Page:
Garrett Ballengee, Terry Bowman: WV Can Make History with Right-to-Work
Originally appeared in the Charleston Gazette-Mail.
West Virginia is used to making history. Since that fateful stroke of President Lincoln’s pen in April of 1863, West Virginians have written more than their fair share in America’s history books.
As the page turns to 2016, West Virginia is once again on the brink of making a noble change for freedom that will send ripples throughout the country.
West Virginia is ready to say “Yes!” to individual workers, “Yes!” to job providers, and “NO!” to tired, forced compulsory unionism. West Virginia needs workplace freedom.
According to figures by the Department of Labor, the special interest agendas and policies embraced by labor executives in our state are clearly hurting individual union workers and their families.
The West Virginia union membership rate in 2014 dropped drastically; 10.6 percent of the workforce from 12.7 percent in 2013.
Meanwhile, that same year the right-to-work state of Indiana added 50,000 union members tying for the state with the most new union members in 2014.
It is unlikely that you will hear that important statistic from labor leaders.
It doesn’t take much to find out why. A recent report shows that due to the policies of the Obama Administration, West Virginia’s workers have been devastated. Since 2009, 332 coal mines have closed resulting in the loss of over 9,700 jobs — roughly 35 percent of the coal industry’s total employment in the state.
Yet, through all of these damaging actions by the misguided Obama Administration, the United Mine Workers of America continues to funnel and spend workers’ dues in support of the very same political agenda that is plotting the demise of mining jobs in West Virginia.
A workplace freedom law in West Virginia would go a long way to holding union officials answerable and accountable to their workers. Those officials would simply have to sell their services to workers instead of forcing financial support.
Competition, instead of a monopoly, always makes organizations better and stronger. Unions are no different.
Unlike the questionable rhetoric you may be hearing from union executives now, a workplace freedom law does not change or affect collective bargaining in anyway.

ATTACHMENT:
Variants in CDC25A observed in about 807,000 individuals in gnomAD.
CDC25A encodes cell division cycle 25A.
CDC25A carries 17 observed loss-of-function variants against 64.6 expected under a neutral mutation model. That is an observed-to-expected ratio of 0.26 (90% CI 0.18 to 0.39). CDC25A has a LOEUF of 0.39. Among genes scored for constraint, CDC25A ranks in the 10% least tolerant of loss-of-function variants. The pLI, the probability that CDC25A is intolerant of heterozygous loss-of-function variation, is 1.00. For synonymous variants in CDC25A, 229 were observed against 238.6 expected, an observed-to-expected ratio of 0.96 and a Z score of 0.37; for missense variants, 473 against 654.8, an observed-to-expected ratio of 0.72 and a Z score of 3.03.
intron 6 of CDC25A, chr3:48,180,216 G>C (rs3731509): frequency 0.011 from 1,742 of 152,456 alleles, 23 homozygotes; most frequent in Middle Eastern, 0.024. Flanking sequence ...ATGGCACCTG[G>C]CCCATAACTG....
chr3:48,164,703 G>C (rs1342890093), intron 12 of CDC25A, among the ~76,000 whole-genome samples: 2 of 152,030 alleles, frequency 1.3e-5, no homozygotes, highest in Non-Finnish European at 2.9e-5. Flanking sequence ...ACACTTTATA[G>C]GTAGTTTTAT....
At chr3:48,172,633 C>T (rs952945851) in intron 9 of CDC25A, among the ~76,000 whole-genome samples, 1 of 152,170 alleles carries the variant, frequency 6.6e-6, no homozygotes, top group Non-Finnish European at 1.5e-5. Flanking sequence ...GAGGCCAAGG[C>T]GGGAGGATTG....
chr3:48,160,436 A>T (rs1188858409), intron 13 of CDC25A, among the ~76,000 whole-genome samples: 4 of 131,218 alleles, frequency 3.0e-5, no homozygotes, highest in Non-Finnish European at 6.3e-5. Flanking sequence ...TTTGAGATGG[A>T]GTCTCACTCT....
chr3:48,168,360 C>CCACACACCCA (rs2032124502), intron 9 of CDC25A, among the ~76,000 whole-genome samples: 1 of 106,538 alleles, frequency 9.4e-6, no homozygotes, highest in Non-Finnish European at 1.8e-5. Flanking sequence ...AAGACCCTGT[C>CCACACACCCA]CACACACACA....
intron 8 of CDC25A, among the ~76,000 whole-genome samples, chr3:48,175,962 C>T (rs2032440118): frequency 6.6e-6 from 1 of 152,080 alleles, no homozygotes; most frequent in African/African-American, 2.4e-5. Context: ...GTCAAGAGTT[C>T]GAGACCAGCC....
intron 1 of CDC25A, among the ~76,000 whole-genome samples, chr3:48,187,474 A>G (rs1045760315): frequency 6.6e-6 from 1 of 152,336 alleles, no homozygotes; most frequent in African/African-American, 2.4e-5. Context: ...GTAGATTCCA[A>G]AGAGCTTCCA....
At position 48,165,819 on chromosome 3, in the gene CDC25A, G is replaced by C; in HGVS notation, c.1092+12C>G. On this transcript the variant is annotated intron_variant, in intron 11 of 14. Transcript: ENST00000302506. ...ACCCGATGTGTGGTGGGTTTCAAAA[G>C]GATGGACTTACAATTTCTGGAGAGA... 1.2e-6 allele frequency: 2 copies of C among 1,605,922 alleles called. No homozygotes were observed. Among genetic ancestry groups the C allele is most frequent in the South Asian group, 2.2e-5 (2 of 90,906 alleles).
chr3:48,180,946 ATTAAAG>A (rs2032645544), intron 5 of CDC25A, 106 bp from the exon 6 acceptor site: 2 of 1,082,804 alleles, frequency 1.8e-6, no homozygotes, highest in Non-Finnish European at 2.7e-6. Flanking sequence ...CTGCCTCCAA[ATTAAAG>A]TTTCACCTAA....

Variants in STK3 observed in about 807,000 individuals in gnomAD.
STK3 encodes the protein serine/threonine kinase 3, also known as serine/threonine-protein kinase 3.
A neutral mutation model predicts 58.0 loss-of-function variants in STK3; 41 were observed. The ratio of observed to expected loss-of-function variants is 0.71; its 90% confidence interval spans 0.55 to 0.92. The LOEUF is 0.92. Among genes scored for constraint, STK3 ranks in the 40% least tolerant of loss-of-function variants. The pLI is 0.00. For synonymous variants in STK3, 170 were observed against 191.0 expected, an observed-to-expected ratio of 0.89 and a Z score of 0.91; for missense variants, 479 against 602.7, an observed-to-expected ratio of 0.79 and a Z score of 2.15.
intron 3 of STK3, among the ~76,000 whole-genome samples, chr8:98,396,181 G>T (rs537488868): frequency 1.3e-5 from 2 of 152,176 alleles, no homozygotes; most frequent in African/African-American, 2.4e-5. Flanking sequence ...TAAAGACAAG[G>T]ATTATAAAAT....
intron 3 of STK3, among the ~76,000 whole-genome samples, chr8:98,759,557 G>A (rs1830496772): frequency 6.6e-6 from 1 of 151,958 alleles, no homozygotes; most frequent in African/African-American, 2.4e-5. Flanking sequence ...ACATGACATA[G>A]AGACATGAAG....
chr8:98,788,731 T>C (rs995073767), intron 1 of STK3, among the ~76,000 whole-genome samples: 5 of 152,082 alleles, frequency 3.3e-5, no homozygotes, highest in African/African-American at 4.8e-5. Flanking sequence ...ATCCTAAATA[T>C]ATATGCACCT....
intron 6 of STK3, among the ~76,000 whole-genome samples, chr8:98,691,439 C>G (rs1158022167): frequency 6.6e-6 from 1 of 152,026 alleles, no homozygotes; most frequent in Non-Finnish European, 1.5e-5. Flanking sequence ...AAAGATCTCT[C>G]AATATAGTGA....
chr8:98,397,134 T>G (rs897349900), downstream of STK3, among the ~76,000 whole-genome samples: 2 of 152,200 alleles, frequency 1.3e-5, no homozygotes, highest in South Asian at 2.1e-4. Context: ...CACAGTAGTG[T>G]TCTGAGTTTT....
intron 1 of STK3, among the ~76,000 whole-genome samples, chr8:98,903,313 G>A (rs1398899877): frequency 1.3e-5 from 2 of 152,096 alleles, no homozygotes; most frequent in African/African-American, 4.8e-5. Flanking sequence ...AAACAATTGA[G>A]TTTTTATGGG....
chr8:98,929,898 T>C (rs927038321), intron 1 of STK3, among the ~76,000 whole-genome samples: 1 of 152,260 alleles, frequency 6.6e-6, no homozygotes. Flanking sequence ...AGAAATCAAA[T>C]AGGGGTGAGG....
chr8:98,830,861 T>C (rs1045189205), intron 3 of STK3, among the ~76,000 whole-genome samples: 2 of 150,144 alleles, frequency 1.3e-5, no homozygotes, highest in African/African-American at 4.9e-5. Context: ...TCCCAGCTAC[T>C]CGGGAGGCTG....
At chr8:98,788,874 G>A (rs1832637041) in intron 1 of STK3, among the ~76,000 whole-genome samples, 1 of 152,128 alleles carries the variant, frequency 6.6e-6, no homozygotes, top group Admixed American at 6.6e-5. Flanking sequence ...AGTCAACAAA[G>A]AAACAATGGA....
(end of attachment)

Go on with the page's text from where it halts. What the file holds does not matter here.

Unions can and do organize and collectively bargain the same as they did before. The only difference is that the needs and concerns of the workers are placed first.
And that is exactly what unions were created to do in the first place. Workplace freedom refocuses unions back to their created purpose: representing workers on the job.
West Virginia simply cannot continue with the status quo if it is to grow its economy and improve the lives of its people.
According to a study conducted by West Virginia University, employment in right-to-work states grew at a rate nearly double that of non-right-to-work states from 1950-2014. Gross domestic product in right-to-work states also grew by a factor of 7.8 versus only 5.3 in non-right-to-work states during that same time period.
This type of growth is critical for West Virginia.
Now, to be clear, there is no silver bullet for West Virginia’s woes. West Virginia has a host of problems which will require a host of solutions, but workplace freedom is a necessary — though not sufficient — condition to put West Virginia on the right track.
It’s also worth noting that 25 other states have a “right-to-work” law on the books, with the first ones coming in the 1940s. Federal employees also have the ability to choose whether or not to join a union and pay dues, i.e., they have right-to-work protection.
West Virginia’s public school teachers also have right-to-work protection. While workplace freedom is new to many West Virginians, it is certainly not a new concept to millions of people across the United States and thousands of our fellow Mountaineers.
Change is a scary thing, and it’s important to recognize that fact. However, it’s also important to remember that change is required for progress to be made — and progress is something that West Virginia desperately needs.
Garrett Ballengee is executive director of the Cardinal Institute for West Virginia Policy (www.cardinal institute.com). Terry Bowman was a United Auto Worker for 19 years and is president of Union Conservatives Inc. (www.unionconser vaties.com).